This student initiatives stemmed from the Fall 2009 Environmental Action: Shifting from Saying to Doing ex-college class.
For 2010 Tufts Energy Conference poster session
In 1990 Tufts University President Jean Mayer held a conference for 22 universities in Talloires, France and created a declaration that institutions of higher learning would be world leaders in developing, creating, supporting and maintaining sustainability efforts. In recognition of this world renowned commitment we explored how we could promote undergraduate individual behavior to reduce Tufts’ environmental footprint. It was found that Trayless Dining was one such campus-wide policy that had greatly reduced food, water, and energy waste at many universities as well as increased awareness of environmental issues. It was hypothesized that at Tufts not only would trayless dining result in an overall decrease in the use of natural resources but it would also affect student perception of their personal environmental responsibility. A sample of students entering the Carmichael dining hall the week before the trays were removed was surveyed about their perceptions of trayless dining or environmental social responsibility. The same method was used again to survey students during the trayless pilot program. In addition to being presented here, these data will be used to assist Tufts’ Dining Services make a longer term policy decision in regards to trayless dining.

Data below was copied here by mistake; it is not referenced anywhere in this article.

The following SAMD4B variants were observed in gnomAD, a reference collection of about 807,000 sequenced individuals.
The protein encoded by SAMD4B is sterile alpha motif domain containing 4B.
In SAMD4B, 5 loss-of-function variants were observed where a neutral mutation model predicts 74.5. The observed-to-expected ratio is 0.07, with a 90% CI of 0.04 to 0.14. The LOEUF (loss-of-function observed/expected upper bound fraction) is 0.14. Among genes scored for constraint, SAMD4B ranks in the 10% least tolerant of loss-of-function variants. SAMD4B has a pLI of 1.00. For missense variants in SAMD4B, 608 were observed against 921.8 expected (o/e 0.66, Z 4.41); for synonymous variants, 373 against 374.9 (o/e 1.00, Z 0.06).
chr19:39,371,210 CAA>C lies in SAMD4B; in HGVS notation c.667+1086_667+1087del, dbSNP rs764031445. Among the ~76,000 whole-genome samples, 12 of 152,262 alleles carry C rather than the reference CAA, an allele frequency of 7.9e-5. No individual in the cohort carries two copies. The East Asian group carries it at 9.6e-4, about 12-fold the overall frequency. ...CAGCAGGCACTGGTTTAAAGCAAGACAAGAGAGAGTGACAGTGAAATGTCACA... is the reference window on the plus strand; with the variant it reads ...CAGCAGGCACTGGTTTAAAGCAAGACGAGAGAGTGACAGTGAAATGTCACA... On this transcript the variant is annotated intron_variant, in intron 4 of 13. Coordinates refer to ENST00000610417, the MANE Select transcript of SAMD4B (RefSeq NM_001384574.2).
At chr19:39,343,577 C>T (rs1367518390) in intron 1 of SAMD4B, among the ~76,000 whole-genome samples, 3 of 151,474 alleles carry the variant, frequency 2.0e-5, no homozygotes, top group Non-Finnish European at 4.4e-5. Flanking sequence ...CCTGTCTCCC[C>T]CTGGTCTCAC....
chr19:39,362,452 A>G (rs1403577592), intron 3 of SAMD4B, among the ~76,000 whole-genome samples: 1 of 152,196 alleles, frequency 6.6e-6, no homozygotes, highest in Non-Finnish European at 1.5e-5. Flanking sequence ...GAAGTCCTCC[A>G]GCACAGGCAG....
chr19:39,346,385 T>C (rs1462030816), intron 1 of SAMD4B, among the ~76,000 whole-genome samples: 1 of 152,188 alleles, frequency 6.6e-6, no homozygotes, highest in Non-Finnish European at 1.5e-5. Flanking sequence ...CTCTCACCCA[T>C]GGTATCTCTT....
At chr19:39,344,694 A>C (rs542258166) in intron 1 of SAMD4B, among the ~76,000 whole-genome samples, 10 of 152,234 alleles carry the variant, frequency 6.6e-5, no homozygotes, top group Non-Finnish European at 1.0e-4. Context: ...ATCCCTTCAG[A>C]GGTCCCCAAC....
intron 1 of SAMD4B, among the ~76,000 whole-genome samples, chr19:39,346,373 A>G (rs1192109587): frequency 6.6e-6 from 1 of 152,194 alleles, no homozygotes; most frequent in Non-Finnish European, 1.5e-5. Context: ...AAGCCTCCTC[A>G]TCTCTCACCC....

UPDATE: Tufts Dining Services removed trays in the dinning halls starting in May after a 13-day trial of the idea at the Carmichael. Read more
UPDATE: Tufts Dining has gone trayless at Carmichael and Dewick-MacPhie Dining Centers after a successful Pilot Program in Carmichael during the spring of 2010. In the Pilot Program, food waste was reduced by 30% and electricity use was reduced by 17.5%.
Tufts University President Larry Bacow expressed his enthusiastic support stating, “This is the right thing to do on so many levels. This was a student initiative that will save water, energy, and food and reduce waste. As a university that is committed to sustainability, we ought to be leaders, not followers in this area.”
To facilitate the switch to trayless dining, several changes have been made. New larger 12oz cups have replaced the 8oz cups, silverware has been moved near the plates to make it more convenient, and the tray return area has solid shelves to make it easier to return dishes. Read more
To see the positive effects trayless dining has on energy use and food waste, explore the trayless dining poster.
The efforts of this class caught the attention of campus media:
Mentions in Student Senate Meetings (PDF):
Picked up by others: